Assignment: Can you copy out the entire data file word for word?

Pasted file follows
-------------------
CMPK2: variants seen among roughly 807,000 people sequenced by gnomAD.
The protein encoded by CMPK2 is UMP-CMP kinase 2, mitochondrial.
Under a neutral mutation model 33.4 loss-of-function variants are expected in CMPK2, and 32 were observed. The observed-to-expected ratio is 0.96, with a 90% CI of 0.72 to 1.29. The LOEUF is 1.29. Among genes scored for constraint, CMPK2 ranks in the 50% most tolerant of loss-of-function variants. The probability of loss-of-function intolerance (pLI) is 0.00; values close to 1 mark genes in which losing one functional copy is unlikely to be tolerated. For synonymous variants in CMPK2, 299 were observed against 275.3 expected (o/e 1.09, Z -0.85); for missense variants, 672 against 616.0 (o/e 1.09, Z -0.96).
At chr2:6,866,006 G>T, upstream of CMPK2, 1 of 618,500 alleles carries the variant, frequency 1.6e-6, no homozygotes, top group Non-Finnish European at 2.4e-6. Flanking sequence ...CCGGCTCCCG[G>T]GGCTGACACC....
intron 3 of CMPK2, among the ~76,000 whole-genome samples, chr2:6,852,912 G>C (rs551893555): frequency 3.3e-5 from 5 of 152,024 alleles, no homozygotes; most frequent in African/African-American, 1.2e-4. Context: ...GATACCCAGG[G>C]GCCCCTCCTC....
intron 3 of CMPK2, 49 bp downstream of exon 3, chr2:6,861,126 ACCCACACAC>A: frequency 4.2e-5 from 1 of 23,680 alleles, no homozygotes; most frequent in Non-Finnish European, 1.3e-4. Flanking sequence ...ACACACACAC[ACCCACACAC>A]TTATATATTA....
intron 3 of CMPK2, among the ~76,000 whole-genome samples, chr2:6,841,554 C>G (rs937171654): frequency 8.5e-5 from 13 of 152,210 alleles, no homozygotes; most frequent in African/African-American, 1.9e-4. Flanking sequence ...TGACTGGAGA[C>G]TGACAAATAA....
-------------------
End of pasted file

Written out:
CMPK2: variants seen among roughly 807,000 people sequenced by gnomAD.
The protein encoded by CMPK2 is UMP-CMP kinase 2, mitochondrial.
Under a neutral mutation model 33.4 loss-of-function variants are expected in CMPK2, and 32 were observed. The observed-to-expected ratio is 0.96, with a 90% CI of 0.72 to 1.29. The LOEUF is 1.29. Among genes scored for constraint, CMPK2 ranks in the 50% most tolerant of loss-of-function variants. The probability of loss-of-function intolerance (pLI) is 0.00; values close to 1 mark genes in which losing one functional copy is unlikely to be tolerated. For synonymous variants in CMPK2, 299 were observed against 275.3 expected (o/e 1.09, Z -0.85); for missense variants, 672 against 616.0 (o/e 1.09, Z -0.96).
At chr2:6,866,006 G>T, upstream of CMPK2, 1 of 618,500 alleles carries the variant, frequency 1.6e-6, no homozygotes, top group Non-Finnish European at 2.4e-6. Flanking sequence ...CCGGCTCCCG[G>T]GGCTGACACC....
intron 3 of CMPK2, among the ~76,000 whole-genome samples, chr2:6,852,912 G>C (rs551893555): frequency 3.3e-5 from 5 of 152,024 alleles, no homozygotes; most frequent in African/African-American, 1.2e-4. Context: ...GATACCCAGG[G>C]GCCCCTCCTC....
intron 3 of CMPK2, 49 bp downstream of exon 3, chr2:6,861,126 ACCCACACAC>A: frequency 4.2e-5 from 1 of 23,680 alleles, no homozygotes; most frequent in Non-Finnish European, 1.3e-4. Flanking sequence ...ACACACACAC[ACCCACACAC>A]TTATATATTA....
intron 3 of CMPK2, among the ~76,000 whole-genome samples, chr2:6,841,554 C>G (rs937171654): frequency 8.5e-5 from 13 of 152,210 alleles, no homozygotes; most frequent in African/African-American, 1.9e-4. Flanking sequence ...TGACTGGAGA[C>G]TGACAAATAA....